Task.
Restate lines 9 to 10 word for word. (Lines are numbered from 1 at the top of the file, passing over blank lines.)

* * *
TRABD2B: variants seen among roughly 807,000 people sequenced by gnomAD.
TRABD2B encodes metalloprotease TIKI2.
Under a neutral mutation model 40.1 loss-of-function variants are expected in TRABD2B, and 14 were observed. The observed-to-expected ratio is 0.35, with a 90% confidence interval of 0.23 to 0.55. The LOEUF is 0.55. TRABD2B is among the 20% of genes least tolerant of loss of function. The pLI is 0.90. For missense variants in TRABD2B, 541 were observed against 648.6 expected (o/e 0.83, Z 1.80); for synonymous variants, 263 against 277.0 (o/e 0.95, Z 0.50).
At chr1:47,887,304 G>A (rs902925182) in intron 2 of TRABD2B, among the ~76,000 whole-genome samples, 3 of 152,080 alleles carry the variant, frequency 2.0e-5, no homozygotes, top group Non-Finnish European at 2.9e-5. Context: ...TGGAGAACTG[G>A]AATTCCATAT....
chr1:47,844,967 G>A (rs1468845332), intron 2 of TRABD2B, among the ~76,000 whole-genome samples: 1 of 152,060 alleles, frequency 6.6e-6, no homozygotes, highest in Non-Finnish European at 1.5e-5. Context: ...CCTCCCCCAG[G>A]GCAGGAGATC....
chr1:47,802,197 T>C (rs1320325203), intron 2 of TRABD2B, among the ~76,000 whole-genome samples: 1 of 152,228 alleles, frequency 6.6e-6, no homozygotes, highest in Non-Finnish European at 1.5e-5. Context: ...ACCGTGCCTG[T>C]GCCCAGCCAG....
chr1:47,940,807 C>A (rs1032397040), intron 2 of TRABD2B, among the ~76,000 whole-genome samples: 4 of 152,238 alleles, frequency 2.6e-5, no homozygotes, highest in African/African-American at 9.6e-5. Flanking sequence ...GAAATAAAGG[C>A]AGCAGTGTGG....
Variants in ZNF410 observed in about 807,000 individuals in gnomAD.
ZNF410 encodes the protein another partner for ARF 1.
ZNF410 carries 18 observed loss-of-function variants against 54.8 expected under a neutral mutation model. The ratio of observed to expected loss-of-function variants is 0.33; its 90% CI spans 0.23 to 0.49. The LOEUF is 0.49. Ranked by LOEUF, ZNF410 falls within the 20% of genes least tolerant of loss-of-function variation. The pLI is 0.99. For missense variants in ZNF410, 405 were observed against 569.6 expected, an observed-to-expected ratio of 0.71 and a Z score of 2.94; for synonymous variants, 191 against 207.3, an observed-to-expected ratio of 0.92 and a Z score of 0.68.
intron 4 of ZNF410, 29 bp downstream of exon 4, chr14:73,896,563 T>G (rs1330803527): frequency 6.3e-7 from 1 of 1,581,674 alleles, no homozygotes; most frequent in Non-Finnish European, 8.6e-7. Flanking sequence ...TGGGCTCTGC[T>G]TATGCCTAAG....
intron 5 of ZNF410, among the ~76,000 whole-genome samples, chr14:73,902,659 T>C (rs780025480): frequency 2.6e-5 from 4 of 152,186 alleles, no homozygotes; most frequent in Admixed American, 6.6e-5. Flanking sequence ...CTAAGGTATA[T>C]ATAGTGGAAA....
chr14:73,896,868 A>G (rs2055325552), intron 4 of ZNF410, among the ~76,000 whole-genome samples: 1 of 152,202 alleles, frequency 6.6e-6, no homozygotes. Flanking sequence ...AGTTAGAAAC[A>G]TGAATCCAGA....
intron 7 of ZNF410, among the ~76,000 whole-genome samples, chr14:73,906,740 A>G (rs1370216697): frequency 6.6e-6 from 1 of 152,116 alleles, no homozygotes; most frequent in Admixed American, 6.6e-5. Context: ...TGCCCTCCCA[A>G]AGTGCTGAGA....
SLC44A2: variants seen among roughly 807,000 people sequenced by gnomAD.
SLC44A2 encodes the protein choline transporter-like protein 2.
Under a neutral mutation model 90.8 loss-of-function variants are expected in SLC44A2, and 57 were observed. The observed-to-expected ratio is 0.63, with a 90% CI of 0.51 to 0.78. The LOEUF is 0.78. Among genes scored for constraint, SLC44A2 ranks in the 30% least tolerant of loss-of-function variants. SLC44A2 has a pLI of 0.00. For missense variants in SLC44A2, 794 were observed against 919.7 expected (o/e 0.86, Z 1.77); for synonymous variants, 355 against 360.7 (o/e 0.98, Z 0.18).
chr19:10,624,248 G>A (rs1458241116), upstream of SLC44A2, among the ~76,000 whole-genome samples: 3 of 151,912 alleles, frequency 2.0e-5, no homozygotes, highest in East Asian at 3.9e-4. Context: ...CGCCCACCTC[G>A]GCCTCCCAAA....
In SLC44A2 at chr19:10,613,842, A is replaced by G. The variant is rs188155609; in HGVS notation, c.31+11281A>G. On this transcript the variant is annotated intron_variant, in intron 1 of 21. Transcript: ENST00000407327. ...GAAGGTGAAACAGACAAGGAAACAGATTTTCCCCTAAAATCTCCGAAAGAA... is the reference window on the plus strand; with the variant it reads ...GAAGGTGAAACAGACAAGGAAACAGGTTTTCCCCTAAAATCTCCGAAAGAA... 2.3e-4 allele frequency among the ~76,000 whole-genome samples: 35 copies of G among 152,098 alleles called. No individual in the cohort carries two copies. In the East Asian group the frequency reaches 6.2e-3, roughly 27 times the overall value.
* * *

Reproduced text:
ZNF410 encodes the protein another partner for ARF 1.
ZNF410 carries 18 observed loss-of-function variants against 54.8 expected under a neutral mutation model. The ratio of observed to expected loss-of-function variants is 0.33; its 90% CI spans 0.23 to 0.49. The LOEUF is 0.49. Ranked by LOEUF, ZNF410 falls within the 20% of genes least tolerant of loss-of-function variation. The pLI is 0.99. For missense variants in ZNF410, 405 were observed against 569.6 expected, an observed-to-expected ratio of 0.71 and a Z score of 2.94; for synonymous variants, 191 against 207.3, an observed-to-expected ratio of 0.92 and a Z score of 0.68.